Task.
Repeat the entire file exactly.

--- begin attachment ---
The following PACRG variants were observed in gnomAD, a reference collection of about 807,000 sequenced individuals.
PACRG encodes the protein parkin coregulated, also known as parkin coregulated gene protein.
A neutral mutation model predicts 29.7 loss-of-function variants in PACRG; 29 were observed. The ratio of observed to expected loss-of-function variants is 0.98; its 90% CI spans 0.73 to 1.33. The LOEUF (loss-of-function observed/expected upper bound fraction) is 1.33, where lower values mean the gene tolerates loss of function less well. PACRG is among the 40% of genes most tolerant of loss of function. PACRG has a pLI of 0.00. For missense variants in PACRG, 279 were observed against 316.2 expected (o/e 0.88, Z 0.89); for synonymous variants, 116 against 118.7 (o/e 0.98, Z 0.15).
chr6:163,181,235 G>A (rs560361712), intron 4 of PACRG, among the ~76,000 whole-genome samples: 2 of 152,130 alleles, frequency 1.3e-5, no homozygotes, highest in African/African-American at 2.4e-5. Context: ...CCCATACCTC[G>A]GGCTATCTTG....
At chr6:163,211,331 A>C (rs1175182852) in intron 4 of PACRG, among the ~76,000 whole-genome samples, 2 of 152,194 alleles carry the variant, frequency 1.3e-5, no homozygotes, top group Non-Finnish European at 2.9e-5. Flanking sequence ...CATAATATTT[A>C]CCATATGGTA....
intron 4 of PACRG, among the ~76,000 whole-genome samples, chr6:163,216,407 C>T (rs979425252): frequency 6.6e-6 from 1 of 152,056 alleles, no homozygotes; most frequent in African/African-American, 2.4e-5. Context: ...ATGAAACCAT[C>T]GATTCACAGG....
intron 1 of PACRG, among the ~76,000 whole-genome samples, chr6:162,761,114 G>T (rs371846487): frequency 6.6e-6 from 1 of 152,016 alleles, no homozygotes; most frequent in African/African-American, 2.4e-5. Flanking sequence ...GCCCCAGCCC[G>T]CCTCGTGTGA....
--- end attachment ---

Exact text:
The following PACRG variants were observed in gnomAD, a reference collection of about 807,000 sequenced individuals.
PACRG encodes the protein parkin coregulated, also known as parkin coregulated gene protein.
A neutral mutation model predicts 29.7 loss-of-function variants in PACRG; 29 were observed. The ratio of observed to expected loss-of-function variants is 0.98; its 90% CI spans 0.73 to 1.33. The LOEUF (loss-of-function observed/expected upper bound fraction) is 1.33, where lower values mean the gene tolerates loss of function less well. PACRG is among the 40% of genes most tolerant of loss of function. PACRG has a pLI of 0.00. For missense variants in PACRG, 279 were observed against 316.2 expected (o/e 0.88, Z 0.89); for synonymous variants, 116 against 118.7 (o/e 0.98, Z 0.15).
chr6:163,181,235 G>A (rs560361712), intron 4 of PACRG, among the ~76,000 whole-genome samples: 2 of 152,130 alleles, frequency 1.3e-5, no homozygotes, highest in African/African-American at 2.4e-5. Context: ...CCCATACCTC[G>A]GGCTATCTTG....
At chr6:163,211,331 A>C (rs1175182852) in intron 4 of PACRG, among the ~76,000 whole-genome samples, 2 of 152,194 alleles carry the variant, frequency 1.3e-5, no homozygotes, top group Non-Finnish European at 2.9e-5. Flanking sequence ...CATAATATTT[A>C]CCATATGGTA....
intron 4 of PACRG, among the ~76,000 whole-genome samples, chr6:163,216,407 C>T (rs979425252): frequency 6.6e-6 from 1 of 152,056 alleles, no homozygotes; most frequent in African/African-American, 2.4e-5. Context: ...ATGAAACCAT[C>T]GATTCACAGG....
intron 1 of PACRG, among the ~76,000 whole-genome samples, chr6:162,761,114 G>T (rs371846487): frequency 6.6e-6 from 1 of 152,016 alleles, no homozygotes; most frequent in African/African-American, 2.4e-5. Flanking sequence ...GCCCCAGCCC[G>T]CCTCGTGTGA....